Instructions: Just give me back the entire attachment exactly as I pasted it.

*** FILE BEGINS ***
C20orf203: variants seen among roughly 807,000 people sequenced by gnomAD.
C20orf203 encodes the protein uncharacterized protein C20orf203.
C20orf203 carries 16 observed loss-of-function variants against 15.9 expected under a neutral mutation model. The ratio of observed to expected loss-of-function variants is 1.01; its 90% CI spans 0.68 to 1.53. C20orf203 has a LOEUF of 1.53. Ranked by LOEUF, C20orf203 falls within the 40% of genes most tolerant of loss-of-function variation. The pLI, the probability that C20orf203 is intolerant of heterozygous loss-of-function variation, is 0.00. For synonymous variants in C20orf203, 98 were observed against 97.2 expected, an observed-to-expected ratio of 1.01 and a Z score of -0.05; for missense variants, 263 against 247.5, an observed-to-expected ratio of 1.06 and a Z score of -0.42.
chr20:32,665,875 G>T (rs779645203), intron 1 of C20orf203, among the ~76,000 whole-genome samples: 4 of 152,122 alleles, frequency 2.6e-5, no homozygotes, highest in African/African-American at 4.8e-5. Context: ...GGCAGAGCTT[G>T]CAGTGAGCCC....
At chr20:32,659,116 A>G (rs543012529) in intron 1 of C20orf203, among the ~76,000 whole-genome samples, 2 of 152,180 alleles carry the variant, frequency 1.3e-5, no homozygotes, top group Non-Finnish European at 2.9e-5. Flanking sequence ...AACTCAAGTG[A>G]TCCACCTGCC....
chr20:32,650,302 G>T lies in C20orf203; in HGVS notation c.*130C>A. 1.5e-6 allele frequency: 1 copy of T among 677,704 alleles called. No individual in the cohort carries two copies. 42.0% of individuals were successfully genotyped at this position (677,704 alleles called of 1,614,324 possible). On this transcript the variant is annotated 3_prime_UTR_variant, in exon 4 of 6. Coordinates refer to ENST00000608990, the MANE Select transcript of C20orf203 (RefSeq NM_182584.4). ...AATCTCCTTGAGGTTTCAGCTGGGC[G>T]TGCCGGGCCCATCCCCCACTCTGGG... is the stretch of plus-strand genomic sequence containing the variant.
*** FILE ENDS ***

C20orf203: variants seen among roughly 807,000 people sequenced by gnomAD.
C20orf203 encodes the protein uncharacterized protein C20orf203.
C20orf203 carries 16 observed loss-of-function variants against 15.9 expected under a neutral mutation model. The ratio of observed to expected loss-of-function variants is 1.01; its 90% CI spans 0.68 to 1.53. C20orf203 has a LOEUF of 1.53. Ranked by LOEUF, C20orf203 falls within the 40% of genes most tolerant of loss-of-function variation. The pLI, the probability that C20orf203 is intolerant of heterozygous loss-of-function variation, is 0.00. For synonymous variants in C20orf203, 98 were observed against 97.2 expected, an observed-to-expected ratio of 1.01 and a Z score of -0.05; for missense variants, 263 against 247.5, an observed-to-expected ratio of 1.06 and a Z score of -0.42.
chr20:32,665,875 G>T (rs779645203), intron 1 of C20orf203, among the ~76,000 whole-genome samples: 4 of 152,122 alleles, frequency 2.6e-5, no homozygotes, highest in African/African-American at 4.8e-5. Context: ...GGCAGAGCTT[G>T]CAGTGAGCCC....
At chr20:32,659,116 A>G (rs543012529) in intron 1 of C20orf203, among the ~76,000 whole-genome samples, 2 of 152,180 alleles carry the variant, frequency 1.3e-5, no homozygotes, top group Non-Finnish European at 2.9e-5. Flanking sequence ...AACTCAAGTG[A>G]TCCACCTGCC....
chr20:32,650,302 G>T lies in C20orf203; in HGVS notation c.*130C>A. 1.5e-6 allele frequency: 1 copy of T among 677,704 alleles called. No individual in the cohort carries two copies. 42.0% of individuals were successfully genotyped at this position (677,704 alleles called of 1,614,324 possible). On this transcript the variant is annotated 3_prime_UTR_variant, in exon 4 of 6. Coordinates refer to ENST00000608990, the MANE Select transcript of C20orf203 (RefSeq NM_182584.4). ...AATCTCCTTGAGGTTTCAGCTGGGC[G>T]TGCCGGGCCCATCCCCCACTCTGGG... is the stretch of plus-strand genomic sequence containing the variant.